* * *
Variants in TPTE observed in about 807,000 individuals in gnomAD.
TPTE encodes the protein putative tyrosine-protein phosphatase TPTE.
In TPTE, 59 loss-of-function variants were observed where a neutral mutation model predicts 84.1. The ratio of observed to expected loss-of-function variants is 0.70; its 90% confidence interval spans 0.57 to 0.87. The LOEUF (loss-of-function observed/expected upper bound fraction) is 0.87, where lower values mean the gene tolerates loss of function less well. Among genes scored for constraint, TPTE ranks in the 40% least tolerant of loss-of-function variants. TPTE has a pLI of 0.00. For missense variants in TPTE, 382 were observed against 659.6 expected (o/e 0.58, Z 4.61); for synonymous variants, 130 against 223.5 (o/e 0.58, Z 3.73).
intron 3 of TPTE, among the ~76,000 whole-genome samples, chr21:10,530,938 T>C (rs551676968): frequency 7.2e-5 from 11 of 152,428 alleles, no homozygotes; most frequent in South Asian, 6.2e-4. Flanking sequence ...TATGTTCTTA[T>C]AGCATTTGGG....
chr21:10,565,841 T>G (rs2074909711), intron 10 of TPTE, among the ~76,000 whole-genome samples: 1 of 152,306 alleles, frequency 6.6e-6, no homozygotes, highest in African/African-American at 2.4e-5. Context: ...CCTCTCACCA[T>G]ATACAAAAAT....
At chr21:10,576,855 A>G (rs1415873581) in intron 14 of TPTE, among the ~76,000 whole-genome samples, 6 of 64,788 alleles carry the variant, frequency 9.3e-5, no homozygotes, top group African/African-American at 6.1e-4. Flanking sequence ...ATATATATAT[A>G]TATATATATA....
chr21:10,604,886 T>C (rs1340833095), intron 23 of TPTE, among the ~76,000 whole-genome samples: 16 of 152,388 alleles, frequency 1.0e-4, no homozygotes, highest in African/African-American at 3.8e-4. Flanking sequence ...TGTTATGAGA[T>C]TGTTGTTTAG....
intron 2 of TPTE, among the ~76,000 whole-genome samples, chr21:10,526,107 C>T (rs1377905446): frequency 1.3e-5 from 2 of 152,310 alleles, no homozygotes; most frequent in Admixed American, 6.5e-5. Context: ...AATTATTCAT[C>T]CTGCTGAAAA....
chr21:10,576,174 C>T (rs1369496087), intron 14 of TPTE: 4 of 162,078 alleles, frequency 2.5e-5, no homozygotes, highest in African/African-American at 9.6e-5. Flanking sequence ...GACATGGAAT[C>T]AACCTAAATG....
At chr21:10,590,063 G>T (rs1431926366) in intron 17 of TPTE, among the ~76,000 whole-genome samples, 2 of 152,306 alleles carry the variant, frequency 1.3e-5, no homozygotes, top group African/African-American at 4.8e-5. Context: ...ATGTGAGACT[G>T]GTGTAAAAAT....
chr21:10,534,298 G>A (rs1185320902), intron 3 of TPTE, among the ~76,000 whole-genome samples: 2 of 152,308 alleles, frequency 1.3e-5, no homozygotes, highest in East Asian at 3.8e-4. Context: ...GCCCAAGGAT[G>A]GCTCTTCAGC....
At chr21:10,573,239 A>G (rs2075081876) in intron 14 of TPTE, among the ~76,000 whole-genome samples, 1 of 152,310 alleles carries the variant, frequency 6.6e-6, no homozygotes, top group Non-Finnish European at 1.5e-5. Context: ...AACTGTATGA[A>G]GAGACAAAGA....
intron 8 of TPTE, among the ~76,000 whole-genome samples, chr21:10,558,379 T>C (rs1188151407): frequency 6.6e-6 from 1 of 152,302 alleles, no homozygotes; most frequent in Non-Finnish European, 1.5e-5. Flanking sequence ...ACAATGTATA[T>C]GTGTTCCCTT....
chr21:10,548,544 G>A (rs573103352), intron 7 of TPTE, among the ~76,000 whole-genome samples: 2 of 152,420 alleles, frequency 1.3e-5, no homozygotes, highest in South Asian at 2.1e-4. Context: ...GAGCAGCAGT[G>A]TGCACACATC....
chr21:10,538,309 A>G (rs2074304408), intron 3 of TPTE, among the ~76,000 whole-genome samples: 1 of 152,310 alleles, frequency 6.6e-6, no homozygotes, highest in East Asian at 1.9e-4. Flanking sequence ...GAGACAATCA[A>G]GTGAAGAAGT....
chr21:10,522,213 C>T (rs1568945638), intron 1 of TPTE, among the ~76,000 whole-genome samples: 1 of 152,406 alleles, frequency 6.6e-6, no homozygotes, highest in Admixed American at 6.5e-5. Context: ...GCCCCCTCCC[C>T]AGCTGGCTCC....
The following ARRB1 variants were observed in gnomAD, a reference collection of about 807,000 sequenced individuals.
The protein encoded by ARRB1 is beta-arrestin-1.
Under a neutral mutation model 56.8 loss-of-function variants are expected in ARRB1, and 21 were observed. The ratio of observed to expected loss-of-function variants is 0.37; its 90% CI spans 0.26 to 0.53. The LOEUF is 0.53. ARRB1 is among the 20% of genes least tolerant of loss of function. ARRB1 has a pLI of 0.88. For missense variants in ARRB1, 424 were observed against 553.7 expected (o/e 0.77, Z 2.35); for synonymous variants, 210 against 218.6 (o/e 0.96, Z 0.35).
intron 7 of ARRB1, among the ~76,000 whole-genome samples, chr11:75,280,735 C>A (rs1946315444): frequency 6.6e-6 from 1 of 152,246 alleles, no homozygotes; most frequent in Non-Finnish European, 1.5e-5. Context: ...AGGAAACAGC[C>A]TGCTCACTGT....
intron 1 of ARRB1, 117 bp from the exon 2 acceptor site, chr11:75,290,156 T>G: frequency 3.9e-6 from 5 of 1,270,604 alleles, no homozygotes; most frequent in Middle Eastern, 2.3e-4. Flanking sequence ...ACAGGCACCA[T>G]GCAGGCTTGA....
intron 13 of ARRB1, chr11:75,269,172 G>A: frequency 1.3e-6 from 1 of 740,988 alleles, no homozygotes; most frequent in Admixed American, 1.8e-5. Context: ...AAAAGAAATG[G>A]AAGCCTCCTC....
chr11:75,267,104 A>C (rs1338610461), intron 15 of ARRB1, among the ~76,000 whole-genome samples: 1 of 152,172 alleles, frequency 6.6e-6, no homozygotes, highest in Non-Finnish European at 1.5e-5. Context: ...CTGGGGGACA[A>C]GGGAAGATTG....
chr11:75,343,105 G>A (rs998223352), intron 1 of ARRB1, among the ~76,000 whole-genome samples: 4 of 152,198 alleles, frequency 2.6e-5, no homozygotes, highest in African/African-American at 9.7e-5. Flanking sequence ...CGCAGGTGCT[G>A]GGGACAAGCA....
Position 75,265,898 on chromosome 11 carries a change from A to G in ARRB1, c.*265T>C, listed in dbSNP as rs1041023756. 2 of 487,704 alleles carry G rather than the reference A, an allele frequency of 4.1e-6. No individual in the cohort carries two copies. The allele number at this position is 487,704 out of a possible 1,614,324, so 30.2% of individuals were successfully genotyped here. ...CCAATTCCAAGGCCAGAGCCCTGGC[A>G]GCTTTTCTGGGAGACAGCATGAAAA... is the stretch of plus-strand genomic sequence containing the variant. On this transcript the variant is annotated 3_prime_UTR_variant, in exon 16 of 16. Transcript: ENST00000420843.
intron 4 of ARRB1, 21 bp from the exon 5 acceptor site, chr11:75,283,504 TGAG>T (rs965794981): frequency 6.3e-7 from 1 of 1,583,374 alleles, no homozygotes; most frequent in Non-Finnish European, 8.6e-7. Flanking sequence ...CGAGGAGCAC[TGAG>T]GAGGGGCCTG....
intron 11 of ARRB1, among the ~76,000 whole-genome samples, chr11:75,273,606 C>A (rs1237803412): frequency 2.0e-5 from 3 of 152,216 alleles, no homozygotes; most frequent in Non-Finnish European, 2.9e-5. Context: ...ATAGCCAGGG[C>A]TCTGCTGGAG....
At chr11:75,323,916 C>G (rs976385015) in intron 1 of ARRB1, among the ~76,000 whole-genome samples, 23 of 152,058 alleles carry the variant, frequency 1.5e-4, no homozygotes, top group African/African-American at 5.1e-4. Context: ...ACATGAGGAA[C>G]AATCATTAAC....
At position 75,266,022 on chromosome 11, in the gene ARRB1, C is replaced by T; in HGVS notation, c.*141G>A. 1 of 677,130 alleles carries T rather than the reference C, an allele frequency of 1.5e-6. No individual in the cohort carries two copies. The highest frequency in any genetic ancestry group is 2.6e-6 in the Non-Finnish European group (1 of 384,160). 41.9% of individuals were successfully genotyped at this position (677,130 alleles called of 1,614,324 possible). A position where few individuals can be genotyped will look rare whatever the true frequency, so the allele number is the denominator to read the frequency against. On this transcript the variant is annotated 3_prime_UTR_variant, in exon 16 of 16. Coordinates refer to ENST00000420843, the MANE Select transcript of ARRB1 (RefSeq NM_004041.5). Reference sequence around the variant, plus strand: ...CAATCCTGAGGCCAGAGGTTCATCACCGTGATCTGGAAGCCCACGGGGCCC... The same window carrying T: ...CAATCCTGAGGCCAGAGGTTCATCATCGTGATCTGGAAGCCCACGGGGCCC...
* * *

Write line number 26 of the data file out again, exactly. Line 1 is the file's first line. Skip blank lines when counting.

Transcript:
intron 4 of ARRB1, 21 bp from the exon 5 acceptor site, chr11:75,283,504 TGAG>T (rs965794981): frequency 6.3e-7 from 1 of 1,583,374 alleles, no homozygotes; most frequent in Non-Finnish European, 8.6e-7. Flanking sequence ...CGAGGAGCAC[TGAG>T]GAGGGGCCTG....